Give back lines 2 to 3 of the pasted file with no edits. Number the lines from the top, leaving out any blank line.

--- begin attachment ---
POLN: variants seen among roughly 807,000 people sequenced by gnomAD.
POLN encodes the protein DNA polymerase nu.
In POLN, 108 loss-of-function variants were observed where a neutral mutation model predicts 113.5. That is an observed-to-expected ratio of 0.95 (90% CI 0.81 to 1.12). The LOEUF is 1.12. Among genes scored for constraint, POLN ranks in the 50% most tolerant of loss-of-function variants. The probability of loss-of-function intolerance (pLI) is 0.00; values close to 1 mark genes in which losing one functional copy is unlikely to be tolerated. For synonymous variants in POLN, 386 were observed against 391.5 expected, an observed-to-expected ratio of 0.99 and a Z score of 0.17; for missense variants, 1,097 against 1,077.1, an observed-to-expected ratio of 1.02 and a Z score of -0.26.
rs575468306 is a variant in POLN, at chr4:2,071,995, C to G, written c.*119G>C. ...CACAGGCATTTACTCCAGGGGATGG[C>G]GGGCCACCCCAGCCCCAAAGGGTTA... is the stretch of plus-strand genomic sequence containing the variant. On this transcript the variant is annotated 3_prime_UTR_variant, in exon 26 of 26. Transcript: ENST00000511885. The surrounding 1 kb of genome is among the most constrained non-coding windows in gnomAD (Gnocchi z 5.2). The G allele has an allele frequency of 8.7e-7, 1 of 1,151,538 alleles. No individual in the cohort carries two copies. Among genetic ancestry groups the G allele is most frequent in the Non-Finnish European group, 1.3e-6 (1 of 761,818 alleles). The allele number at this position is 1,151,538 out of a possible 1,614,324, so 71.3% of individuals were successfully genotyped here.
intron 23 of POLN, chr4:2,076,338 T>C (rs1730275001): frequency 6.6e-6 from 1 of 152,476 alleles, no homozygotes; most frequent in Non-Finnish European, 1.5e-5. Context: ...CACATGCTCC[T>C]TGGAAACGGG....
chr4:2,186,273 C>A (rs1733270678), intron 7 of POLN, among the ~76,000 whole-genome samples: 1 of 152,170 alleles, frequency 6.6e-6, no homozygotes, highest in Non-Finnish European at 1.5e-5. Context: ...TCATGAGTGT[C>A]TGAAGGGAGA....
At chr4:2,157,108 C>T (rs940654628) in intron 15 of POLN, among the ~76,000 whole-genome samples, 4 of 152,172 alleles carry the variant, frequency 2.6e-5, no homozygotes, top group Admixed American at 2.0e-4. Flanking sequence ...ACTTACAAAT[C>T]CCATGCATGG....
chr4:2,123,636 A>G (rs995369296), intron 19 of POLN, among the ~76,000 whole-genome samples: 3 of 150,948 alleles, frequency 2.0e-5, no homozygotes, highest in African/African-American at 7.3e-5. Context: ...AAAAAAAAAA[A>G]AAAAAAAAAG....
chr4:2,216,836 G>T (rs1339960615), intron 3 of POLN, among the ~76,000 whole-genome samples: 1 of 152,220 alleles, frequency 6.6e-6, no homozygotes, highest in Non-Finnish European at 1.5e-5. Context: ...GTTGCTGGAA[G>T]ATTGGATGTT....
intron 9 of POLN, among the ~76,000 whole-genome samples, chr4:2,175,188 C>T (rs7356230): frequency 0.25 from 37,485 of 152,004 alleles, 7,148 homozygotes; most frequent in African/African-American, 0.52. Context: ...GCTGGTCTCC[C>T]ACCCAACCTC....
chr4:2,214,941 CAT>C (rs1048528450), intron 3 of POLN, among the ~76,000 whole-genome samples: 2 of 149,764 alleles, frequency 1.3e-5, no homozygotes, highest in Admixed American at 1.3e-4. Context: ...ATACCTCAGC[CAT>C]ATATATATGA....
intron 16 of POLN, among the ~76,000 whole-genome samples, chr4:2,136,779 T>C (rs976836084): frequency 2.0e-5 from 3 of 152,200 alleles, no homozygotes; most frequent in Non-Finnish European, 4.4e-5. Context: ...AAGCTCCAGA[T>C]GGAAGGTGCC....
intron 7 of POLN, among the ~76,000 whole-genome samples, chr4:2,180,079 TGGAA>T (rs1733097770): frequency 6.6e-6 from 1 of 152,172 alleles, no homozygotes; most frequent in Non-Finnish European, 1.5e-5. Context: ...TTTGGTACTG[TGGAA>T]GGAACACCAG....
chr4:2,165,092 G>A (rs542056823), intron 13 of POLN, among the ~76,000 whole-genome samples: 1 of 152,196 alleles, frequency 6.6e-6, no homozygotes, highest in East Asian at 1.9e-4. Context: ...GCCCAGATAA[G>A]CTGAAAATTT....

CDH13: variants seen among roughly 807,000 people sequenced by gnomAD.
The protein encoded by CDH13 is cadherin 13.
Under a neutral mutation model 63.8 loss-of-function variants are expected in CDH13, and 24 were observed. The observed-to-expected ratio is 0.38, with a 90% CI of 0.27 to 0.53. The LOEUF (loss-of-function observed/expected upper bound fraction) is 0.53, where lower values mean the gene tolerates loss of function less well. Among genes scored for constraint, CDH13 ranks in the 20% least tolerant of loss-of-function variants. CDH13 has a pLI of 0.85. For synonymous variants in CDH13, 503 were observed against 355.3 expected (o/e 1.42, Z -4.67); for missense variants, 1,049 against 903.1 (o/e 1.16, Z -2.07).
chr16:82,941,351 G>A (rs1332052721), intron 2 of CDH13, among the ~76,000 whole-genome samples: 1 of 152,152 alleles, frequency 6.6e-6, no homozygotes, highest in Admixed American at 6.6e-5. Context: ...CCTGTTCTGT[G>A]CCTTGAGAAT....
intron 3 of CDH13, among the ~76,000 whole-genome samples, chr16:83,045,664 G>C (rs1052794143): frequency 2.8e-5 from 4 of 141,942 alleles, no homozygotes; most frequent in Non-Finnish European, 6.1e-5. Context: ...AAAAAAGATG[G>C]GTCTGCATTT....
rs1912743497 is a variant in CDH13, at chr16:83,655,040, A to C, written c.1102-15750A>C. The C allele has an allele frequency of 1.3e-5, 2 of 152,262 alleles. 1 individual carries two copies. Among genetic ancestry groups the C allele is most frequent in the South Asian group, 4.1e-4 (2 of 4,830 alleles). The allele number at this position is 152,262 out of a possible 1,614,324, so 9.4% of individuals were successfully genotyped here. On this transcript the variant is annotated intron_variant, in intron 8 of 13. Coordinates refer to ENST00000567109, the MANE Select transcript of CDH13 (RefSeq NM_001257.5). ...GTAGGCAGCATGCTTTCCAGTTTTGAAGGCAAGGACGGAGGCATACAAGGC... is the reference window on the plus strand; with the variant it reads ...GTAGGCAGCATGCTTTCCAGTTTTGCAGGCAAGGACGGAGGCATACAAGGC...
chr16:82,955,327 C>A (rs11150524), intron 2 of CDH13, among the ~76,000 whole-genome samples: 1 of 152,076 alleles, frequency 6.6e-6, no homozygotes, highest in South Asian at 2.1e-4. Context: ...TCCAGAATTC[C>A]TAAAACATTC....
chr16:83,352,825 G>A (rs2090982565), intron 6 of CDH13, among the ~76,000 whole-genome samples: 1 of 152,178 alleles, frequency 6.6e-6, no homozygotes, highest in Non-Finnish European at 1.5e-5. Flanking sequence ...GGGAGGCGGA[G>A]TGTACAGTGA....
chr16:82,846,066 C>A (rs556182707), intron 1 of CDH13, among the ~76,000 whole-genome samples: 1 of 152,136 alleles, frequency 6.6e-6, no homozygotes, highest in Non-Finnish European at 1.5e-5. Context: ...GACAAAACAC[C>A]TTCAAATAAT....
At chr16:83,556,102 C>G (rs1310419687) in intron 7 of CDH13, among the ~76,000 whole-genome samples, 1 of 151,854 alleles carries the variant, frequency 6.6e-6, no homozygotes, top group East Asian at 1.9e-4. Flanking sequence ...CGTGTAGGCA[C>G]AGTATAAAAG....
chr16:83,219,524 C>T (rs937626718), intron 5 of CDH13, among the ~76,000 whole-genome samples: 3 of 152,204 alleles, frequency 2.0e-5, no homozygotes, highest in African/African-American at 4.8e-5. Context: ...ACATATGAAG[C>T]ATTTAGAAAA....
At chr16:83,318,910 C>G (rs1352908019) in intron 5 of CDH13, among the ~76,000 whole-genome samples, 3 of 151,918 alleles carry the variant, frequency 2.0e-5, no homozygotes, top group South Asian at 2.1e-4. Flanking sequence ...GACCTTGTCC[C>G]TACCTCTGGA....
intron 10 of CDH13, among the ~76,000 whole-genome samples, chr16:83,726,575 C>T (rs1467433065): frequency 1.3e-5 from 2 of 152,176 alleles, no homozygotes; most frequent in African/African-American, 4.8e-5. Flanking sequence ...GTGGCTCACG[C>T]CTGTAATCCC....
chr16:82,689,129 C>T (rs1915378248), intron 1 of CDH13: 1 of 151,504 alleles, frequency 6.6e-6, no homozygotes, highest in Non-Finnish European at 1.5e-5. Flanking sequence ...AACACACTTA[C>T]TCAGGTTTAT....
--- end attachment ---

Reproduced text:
POLN encodes the protein DNA polymerase nu.
In POLN, 108 loss-of-function variants were observed where a neutral mutation model predicts 113.5. That is an observed-to-expected ratio of 0.95 (90% CI 0.81 to 1.12). The LOEUF is 1.12. Among genes scored for constraint, POLN ranks in the 50% most tolerant of loss-of-function variants. The probability of loss-of-function intolerance (pLI) is 0.00; values close to 1 mark genes in which losing one functional copy is unlikely to be tolerated. For synonymous variants in POLN, 386 were observed against 391.5 expected, an observed-to-expected ratio of 0.99 and a Z score of 0.17; for missense variants, 1,097 against 1,077.1, an observed-to-expected ratio of 1.02 and a Z score of -0.26.